Empirical data on the privacy paradox

Benjamin Wittes and Emma Kohse at Brookings: “The contemporary debate about the effects of new technology on individual privacy centers on the idea that privacy is an eroding value. The erosion is ongoing and takes place because of the government and big corporations that collect data on us all: In the consumer space, technology and the companies that create it erode privacy, as consumers trade away their solitude either unknowingly or in exchange for convenience and efficiency.

On January 13, we released a Brookings paper that challenges this idea. Entitled, “The Privacy Paradox II: Measuring the Privacy Benefits of Privacy Threats,” we try to measure the extent to which this focus ignores the significant privacy benefits of the technologies that concern privacy advocates. And we conclude that quantifiable effects in consumer behavior strongly support the reality of these benefits.

In 2015, one of us, writing with Jodie Liu, laid out the basic idea last year in a paper published by Brookings called “The Privacy Paradox: the Privacy Benefits of Privacy Threats.” (The title, incidentally, became the name of Lawfare’s privacy-oriented subsidiary page.) Individuals, we argued, might be more concerned with keeping private information from specific people—friends, neighbors, parents, or even store clerks—than from large, remote corporations, and they might actively prefer to give information remote corporations by way of shielding it from those immediately around them. By failing to associate this concern with the concept of privacy, academic and public debates tends to ignore countervailing privacy benefits associated with privacy threats, and thereby keeps score in a way biased toward the threats side of the ledger.To cite a few examples, an individual may choose to use a Kindle e-reader to read Fifty Shades of Grey precisely because she values the privacy benefit of hiding her book choice from the eyes of people on the bus or the store clerk at the book store, rather than for reasons of mere convenience. This privacy benefit, for many consumers, can outweigh the privacy concern presented by Amazon’s data mining. At the very least, the privacy benefits of the Kindle should enter into the discussion.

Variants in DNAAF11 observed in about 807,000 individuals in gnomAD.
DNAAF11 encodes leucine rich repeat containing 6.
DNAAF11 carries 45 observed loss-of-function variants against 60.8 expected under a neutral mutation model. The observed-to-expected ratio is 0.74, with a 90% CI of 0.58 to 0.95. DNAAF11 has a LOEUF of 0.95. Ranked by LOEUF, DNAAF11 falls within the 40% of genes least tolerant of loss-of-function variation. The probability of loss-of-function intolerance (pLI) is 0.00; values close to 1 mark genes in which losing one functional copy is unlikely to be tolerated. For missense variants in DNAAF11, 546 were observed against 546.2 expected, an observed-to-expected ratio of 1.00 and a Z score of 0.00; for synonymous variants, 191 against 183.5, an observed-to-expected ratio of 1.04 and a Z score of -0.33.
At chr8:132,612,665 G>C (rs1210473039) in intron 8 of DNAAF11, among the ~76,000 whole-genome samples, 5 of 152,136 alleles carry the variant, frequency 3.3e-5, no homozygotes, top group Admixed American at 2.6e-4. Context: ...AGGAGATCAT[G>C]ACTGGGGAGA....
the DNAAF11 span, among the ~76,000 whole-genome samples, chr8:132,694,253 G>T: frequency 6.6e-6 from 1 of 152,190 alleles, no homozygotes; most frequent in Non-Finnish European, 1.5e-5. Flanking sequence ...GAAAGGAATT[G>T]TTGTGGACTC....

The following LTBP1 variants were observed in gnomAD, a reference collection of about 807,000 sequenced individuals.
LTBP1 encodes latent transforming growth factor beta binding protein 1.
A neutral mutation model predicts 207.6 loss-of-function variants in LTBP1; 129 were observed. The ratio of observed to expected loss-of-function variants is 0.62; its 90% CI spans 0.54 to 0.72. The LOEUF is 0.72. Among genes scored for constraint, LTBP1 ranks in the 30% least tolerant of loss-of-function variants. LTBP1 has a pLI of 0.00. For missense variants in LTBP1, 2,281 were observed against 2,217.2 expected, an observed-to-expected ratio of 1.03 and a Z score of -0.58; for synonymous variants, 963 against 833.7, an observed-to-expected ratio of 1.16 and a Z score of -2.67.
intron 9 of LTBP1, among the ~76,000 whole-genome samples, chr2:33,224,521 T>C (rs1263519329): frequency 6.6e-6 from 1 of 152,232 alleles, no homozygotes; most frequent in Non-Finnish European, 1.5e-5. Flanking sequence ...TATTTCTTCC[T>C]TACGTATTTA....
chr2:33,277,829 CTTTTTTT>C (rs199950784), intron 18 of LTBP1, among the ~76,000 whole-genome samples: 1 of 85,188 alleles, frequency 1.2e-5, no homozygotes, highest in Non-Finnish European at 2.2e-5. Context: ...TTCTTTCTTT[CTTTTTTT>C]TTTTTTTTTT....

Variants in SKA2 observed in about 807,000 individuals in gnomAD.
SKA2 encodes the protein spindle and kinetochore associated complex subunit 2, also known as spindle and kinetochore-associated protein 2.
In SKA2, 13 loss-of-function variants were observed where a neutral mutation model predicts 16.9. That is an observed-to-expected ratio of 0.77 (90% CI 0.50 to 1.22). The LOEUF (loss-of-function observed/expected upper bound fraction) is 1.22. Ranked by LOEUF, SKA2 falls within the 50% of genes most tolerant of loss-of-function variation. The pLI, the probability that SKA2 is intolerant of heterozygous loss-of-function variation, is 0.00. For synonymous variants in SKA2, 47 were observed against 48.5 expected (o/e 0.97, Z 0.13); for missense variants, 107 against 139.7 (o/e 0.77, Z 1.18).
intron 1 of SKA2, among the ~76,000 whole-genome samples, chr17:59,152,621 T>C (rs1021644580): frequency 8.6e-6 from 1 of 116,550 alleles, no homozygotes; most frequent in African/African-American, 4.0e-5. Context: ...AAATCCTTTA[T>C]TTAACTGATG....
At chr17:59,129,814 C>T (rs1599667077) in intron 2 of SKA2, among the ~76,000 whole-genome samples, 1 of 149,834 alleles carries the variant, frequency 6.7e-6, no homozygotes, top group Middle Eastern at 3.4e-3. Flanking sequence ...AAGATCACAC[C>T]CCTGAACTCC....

To cite a few examples, an individual may choose to use a Kindle e-reader to read Fifty Shades of Grey precisely because she values the privacy benefit of hiding her book choice from the eyes of people on the bus or the store clerk at the book store, rather than for reasons of mere convenience. This privacy benefit, for many consumers, can outweigh the privacy concern presented by Amazon’s data mining. At the very least, the privacy benefits of the Kindle should enter into the discussion.

In this paper, we tried to begin the task for measuring the effect and reasoning that supported the thesis in the “Privacy Paradox” using Google Surveys, an online survey tool….(More)”.